Vietnamese expat wearing 'Non La' to pose with Iceland's awakening volcano after 6,000 years
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Geldingadalir Volcano in Fagradals mountain has been dormant for 6.000 years, is awakening again on March 19, and shows no signs of stopping since. In Iceland, many people have gathered around to witness one-in-6.000-year volcano eruption, and Emily Phan and her friends are one of those people.
Emily Phan, who has lived in Iceland for 10 years, said that this is the first time she has ever had a chance to see this rare and incredible event. Instead of going to see the volcano in the morning, this 1990 born tourist chose to take off in the evening to fully witness the vicious red glow of the lava.
Along the journey, Emily brings a non la (palm-leaf conical hat). “Being Vietnamese, this is a one-of-a-kind chance that I want to make this moment meaningful and special. Non-La (conic is very handy to bring with.” She also said a lot of people showed interest and complimented her cute “hat”.
|Emily and her friends on the way to see the volcano. Photo: NVCC
The volunteer teams in Iceland have marked a pathway and shortened the distance of the hiking road to the volcano down to 7 kilometers. However, it was heavily crowded, and Emily decided to park her car and walked a distance that was twice as long. She told that it took her 1.5 to 2 hours walking every evening, and climbed a total length of 13 kilometers to reach to the erupting volcano.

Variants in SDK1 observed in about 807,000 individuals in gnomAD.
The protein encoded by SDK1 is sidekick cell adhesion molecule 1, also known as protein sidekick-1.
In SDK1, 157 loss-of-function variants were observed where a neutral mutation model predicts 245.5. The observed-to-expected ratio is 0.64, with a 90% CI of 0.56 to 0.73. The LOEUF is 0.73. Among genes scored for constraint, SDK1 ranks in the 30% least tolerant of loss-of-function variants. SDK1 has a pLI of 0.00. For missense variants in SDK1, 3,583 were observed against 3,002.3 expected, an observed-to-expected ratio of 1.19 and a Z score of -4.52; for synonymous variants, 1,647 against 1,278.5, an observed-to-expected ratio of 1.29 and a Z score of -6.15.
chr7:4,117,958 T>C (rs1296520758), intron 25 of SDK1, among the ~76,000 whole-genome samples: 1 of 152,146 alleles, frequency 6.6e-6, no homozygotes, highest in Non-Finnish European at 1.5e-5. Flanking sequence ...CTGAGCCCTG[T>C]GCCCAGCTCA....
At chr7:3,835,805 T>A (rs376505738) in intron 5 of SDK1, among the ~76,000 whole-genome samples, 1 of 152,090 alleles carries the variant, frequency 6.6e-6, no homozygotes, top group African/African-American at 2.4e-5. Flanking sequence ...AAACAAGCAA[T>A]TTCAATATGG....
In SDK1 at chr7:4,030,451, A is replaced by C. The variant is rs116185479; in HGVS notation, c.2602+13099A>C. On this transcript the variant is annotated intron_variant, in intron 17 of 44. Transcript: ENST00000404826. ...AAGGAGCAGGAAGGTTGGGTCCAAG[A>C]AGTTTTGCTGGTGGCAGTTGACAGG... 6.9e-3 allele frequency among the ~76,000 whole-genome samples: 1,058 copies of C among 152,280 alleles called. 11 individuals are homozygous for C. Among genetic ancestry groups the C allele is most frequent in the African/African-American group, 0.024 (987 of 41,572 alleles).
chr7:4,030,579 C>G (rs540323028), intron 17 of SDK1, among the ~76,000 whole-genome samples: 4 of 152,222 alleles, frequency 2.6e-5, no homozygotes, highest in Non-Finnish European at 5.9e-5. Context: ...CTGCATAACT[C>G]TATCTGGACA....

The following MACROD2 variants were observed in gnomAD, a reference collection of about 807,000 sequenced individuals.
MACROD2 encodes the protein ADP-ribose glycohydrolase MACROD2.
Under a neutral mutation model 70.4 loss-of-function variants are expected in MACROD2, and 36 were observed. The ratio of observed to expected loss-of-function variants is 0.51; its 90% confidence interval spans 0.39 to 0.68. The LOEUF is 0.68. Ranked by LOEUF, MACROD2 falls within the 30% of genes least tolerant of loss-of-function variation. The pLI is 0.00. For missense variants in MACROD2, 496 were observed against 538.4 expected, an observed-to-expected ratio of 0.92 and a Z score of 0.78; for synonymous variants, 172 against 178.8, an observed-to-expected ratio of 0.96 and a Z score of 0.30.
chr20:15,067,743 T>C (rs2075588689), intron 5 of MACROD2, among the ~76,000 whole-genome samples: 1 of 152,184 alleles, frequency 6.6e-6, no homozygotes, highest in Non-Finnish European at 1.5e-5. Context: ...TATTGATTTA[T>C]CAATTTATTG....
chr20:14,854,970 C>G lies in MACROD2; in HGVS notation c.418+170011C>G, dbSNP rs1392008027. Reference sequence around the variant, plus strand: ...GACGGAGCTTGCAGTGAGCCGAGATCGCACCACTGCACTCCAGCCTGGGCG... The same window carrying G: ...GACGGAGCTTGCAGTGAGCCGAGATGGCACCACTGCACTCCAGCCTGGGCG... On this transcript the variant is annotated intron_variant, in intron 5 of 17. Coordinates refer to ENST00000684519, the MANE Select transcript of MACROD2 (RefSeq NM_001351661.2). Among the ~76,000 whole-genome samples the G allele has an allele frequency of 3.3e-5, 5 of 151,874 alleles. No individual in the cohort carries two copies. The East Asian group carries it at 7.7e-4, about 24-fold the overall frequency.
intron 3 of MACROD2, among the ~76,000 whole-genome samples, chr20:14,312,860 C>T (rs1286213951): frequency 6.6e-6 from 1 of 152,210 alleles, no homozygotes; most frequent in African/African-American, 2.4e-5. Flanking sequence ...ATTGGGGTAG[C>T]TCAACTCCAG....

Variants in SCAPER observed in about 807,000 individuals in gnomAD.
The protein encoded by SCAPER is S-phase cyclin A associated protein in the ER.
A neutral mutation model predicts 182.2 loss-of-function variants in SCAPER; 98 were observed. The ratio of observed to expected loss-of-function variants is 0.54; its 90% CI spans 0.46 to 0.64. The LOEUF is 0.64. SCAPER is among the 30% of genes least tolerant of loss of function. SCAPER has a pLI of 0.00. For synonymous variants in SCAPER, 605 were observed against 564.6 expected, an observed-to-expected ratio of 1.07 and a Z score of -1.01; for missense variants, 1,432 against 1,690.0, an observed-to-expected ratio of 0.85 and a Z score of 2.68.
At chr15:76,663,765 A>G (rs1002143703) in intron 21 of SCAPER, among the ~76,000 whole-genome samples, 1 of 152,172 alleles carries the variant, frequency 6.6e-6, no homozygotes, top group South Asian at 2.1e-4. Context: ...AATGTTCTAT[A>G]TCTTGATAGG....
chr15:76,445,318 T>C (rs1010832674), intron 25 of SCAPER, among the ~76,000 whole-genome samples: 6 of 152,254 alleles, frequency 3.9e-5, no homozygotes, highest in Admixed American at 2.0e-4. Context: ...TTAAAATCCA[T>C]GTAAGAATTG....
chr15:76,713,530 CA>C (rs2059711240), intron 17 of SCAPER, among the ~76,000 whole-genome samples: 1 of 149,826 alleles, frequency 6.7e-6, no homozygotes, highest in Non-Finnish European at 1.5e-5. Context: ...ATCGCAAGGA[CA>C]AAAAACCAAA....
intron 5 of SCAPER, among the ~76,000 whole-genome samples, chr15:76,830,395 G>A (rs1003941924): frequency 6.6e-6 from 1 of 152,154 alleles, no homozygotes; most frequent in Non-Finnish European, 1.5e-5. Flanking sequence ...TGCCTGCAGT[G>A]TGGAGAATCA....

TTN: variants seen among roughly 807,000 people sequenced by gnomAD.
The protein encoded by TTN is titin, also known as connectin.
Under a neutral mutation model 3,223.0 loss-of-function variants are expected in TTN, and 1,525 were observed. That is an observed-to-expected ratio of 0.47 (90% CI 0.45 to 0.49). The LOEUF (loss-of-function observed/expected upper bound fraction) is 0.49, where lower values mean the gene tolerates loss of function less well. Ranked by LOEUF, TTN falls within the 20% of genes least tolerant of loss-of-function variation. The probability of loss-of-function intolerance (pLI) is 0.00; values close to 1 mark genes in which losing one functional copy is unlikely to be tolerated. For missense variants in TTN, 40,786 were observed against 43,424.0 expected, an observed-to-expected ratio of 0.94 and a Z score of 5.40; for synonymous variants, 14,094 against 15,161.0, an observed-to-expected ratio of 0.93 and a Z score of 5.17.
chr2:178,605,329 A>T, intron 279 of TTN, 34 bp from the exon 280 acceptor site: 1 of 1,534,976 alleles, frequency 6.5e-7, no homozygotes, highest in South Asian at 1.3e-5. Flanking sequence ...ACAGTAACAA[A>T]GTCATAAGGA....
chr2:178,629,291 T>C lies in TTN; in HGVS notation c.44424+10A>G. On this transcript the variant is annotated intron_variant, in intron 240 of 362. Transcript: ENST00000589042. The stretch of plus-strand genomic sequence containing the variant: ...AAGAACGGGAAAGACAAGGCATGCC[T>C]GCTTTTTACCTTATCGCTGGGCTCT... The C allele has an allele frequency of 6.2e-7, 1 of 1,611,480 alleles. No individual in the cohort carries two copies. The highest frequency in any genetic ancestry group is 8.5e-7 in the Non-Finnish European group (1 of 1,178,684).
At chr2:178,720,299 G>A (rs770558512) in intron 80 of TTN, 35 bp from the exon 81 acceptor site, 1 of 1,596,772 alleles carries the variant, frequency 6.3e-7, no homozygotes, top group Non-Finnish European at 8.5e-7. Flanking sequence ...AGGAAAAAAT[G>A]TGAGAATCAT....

“The journey was painfully long, but we were all excited because we got to see the volcano for the first time in our life. People were laughing and shouting with happinese when they were close to the destination, which made me feel like I would be there in any minute.”
Emily was deeply amazed by the volcano eruption scene in front of her eyes: “I could not describe my feelings when I witnessed it. I burst out when I saw the melting lava while hearing the sound of it boiling and cracking…”
|Emily posing with Non La for a picture with the erupting volcano. Photo: NVCC
She said it was like the scene in the movies and documentaries that she had watch when she was a child. The temperature in Iceland at that time was only -6 to 6 Celcius Degree. Despite the heat that came from the burning lava, Emily still felt the freezing cold.
“People brought stuff with them for a picnic, some of them even grilled sauces and hams, and warmed up their tea using the heat from the frozen lava. They brought lava rocks home and kept it as memories.” She said.
Emily intended to come back to Geldingadalir in the morning to capture more perfect moments of this incredible event. She said Icelandic authority has set up cameras recording for the tourists to see the volcano and will build public toilets in the foothill of the mountain.
Police patrols and rescue teams are ready to help the tourists 24/7. If the toxic measurement in the air is high or the weather turns bad, the warnings will be sent and the pathway to the mountain will be closed for the safety of the tourists. They are also warned not to come close to the lava to ensure safety. Tourism companies provide bus tours to serve the demands, which is convenient for people who are worried about not be able to find a parking spot.
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